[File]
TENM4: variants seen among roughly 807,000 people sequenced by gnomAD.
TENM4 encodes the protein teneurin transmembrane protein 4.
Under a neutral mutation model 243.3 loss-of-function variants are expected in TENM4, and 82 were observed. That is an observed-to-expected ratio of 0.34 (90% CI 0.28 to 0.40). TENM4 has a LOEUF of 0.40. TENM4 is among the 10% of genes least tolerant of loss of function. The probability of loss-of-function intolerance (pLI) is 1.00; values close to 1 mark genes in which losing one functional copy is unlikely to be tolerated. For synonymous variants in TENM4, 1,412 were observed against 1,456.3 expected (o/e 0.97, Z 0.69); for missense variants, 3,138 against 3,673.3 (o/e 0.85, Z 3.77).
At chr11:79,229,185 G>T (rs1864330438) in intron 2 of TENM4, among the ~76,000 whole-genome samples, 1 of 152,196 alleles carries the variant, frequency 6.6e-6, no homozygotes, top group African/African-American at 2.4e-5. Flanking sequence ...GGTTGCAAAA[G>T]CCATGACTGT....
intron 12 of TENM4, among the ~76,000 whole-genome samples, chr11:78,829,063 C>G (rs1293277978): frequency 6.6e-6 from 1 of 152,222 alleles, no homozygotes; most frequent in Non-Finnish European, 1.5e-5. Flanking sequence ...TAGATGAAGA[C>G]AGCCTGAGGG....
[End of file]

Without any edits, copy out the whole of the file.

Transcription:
TENM4: variants seen among roughly 807,000 people sequenced by gnomAD.
TENM4 encodes the protein teneurin transmembrane protein 4.
Under a neutral mutation model 243.3 loss-of-function variants are expected in TENM4, and 82 were observed. That is an observed-to-expected ratio of 0.34 (90% CI 0.28 to 0.40). TENM4 has a LOEUF of 0.40. TENM4 is among the 10% of genes least tolerant of loss of function. The probability of loss-of-function intolerance (pLI) is 1.00; values close to 1 mark genes in which losing one functional copy is unlikely to be tolerated. For synonymous variants in TENM4, 1,412 were observed against 1,456.3 expected (o/e 0.97, Z 0.69); for missense variants, 3,138 against 3,673.3 (o/e 0.85, Z 3.77).
At chr11:79,229,185 G>T (rs1864330438) in intron 2 of TENM4, among the ~76,000 whole-genome samples, 1 of 152,196 alleles carries the variant, frequency 6.6e-6, no homozygotes, top group African/African-American at 2.4e-5. Flanking sequence ...GGTTGCAAAA[G>T]CCATGACTGT....
intron 12 of TENM4, among the ~76,000 whole-genome samples, chr11:78,829,063 C>G (rs1293277978): frequency 6.6e-6 from 1 of 152,222 alleles, no homozygotes; most frequent in Non-Finnish European, 1.5e-5. Flanking sequence ...TAGATGAAGA[C>G]AGCCTGAGGG....